BOLTON, THOMAS (29 Nov. 1809-1 Feb. 1871), a prominent lawyer, was born in Scipio, N.Y. to Thomas and Hannah (Henry) Bolton. He attended Harvard University (1829-33), there meeting his future partner Moses Kelley. Bolton studied law in Canandaigua, N.Y.; came to Cleveland in Sept. 1834; and was admitted to the bar in 1835. In 1836 he and Kelley formed the firm of Bolton & Kelley.
In 1835 Bolton helped draft Cleveland's city charter, and was clerk for the first elections. He was a councilman in 1839, and served in the Office of the Judiciary then and for the 1841-42 term. He was also an alderman and on the city's Claims Committee in 1841-42. In 1841 he became president of city council, and gained attention and criticism for defending 3 Negro slaves who were accused by their captors of having escaped from their plantation. Despite threats, Bolton proved the captors had kidnapped the slaves and then claimed ownership.
Disillusioned with Democrats, after joining the Free-Soilers in 1848 Bolton attended the Pittsburgh Convention to organize the Republican party in 1856, serving as a delegate to that year's Republican Natl. Convention in Philadelphia. In 1856 he left legal practice to become judge of the court of common pleas, remaining until his retirement 10 years later. Bolton was a founding member of the private Cleveland City Guard (1837); and cofounded ST. PAUL'S EPISCOPAL CHURCH (1846). In 1838, he married Elizabeth L. Cone, who died in 1846; then on 1 Dec. 1846, Bolton married Emeline Russel. From his first marriage, Bolton had four children: Thomas, Elizabeth, Fesius Cone, and James; from his second, he had one son, Charles C. Bolton died in Cleveland and was buried in LAKE VIEW CEMETERY.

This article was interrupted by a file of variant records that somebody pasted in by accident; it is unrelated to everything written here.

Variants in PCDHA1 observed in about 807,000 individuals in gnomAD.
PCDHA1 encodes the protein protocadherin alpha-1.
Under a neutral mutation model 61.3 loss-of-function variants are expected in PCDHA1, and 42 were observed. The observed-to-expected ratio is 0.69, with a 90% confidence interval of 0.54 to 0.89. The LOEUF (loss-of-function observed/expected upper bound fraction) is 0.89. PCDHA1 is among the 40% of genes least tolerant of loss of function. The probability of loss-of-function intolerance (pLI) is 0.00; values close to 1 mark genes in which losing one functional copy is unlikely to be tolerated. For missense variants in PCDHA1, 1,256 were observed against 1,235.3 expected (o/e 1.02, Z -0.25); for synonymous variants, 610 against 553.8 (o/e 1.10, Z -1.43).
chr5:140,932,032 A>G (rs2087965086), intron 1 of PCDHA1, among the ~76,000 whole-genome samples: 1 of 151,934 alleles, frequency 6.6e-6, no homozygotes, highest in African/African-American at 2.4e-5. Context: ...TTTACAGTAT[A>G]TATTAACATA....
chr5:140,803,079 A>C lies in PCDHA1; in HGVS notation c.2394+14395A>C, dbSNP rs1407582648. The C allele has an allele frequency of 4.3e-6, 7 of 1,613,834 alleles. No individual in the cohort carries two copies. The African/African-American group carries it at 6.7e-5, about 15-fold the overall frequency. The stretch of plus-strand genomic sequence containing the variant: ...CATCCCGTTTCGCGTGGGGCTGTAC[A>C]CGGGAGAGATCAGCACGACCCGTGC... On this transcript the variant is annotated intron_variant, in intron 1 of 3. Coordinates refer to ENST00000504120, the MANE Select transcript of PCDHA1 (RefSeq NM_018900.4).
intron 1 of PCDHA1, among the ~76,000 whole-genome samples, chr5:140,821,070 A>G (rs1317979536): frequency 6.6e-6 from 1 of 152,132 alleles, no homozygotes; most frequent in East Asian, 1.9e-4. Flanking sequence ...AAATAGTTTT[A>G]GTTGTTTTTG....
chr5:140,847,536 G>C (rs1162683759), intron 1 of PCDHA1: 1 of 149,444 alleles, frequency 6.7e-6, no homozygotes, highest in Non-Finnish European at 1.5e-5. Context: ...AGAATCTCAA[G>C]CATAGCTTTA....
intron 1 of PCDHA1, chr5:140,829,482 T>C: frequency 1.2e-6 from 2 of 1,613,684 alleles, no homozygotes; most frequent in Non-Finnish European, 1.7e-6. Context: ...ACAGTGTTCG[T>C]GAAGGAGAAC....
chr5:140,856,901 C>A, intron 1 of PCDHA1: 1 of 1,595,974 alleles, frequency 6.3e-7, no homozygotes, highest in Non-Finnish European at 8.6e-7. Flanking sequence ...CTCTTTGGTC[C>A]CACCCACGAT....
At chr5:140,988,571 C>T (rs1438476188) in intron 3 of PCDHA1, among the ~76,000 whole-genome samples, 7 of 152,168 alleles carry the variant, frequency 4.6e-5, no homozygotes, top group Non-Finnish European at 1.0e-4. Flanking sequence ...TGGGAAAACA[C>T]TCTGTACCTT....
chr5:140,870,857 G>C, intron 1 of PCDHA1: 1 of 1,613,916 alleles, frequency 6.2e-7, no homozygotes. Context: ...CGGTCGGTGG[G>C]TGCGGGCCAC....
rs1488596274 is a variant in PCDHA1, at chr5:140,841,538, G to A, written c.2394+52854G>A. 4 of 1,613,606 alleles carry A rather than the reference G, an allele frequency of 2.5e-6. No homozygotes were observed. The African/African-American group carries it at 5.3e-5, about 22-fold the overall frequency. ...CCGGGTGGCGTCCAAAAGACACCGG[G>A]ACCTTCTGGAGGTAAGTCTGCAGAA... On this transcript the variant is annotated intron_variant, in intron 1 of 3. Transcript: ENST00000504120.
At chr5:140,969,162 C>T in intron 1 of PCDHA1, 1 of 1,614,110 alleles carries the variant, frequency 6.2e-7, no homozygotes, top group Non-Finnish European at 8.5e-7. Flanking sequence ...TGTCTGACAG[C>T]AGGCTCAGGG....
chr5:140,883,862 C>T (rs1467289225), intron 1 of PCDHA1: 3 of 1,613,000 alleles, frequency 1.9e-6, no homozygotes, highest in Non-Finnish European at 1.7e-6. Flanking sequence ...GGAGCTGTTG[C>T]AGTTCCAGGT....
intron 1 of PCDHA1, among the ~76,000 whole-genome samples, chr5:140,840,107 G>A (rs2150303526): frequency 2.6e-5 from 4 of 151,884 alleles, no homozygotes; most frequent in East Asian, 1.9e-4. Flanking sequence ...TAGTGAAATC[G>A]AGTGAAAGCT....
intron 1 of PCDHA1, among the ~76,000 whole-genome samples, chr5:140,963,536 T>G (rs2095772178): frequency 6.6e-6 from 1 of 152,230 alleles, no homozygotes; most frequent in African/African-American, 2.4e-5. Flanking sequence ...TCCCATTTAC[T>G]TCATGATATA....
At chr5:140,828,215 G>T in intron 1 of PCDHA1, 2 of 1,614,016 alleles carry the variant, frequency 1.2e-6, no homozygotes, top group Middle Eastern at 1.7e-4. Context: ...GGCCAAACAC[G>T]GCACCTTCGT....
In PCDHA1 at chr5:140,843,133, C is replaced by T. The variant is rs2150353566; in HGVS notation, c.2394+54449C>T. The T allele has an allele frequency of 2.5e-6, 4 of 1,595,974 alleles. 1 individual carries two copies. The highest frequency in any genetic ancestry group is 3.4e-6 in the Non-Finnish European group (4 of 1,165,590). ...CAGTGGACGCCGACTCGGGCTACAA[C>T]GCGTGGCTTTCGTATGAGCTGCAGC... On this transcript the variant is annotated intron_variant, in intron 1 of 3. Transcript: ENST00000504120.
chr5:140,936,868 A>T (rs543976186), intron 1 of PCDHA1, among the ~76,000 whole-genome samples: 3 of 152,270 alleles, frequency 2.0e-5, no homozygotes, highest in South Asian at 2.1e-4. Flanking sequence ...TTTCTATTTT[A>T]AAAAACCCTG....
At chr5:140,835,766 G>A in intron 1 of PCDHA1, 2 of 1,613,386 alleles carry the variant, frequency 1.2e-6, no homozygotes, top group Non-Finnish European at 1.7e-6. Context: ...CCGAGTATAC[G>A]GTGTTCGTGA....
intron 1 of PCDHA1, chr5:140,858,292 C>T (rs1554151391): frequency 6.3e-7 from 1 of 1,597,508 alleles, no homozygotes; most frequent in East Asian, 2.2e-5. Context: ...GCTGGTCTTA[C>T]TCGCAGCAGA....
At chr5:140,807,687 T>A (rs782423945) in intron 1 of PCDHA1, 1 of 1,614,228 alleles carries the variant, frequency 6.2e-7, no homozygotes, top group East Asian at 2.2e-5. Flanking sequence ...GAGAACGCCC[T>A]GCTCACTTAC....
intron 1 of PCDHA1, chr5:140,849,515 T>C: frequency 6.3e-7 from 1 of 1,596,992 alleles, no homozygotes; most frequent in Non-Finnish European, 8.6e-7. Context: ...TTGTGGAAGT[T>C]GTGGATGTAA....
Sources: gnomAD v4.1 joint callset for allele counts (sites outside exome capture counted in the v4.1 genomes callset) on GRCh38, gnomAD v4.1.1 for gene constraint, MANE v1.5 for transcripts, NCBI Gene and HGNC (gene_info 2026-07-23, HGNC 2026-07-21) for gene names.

Finding aid for the Thomas Bolton Papers. WRHS.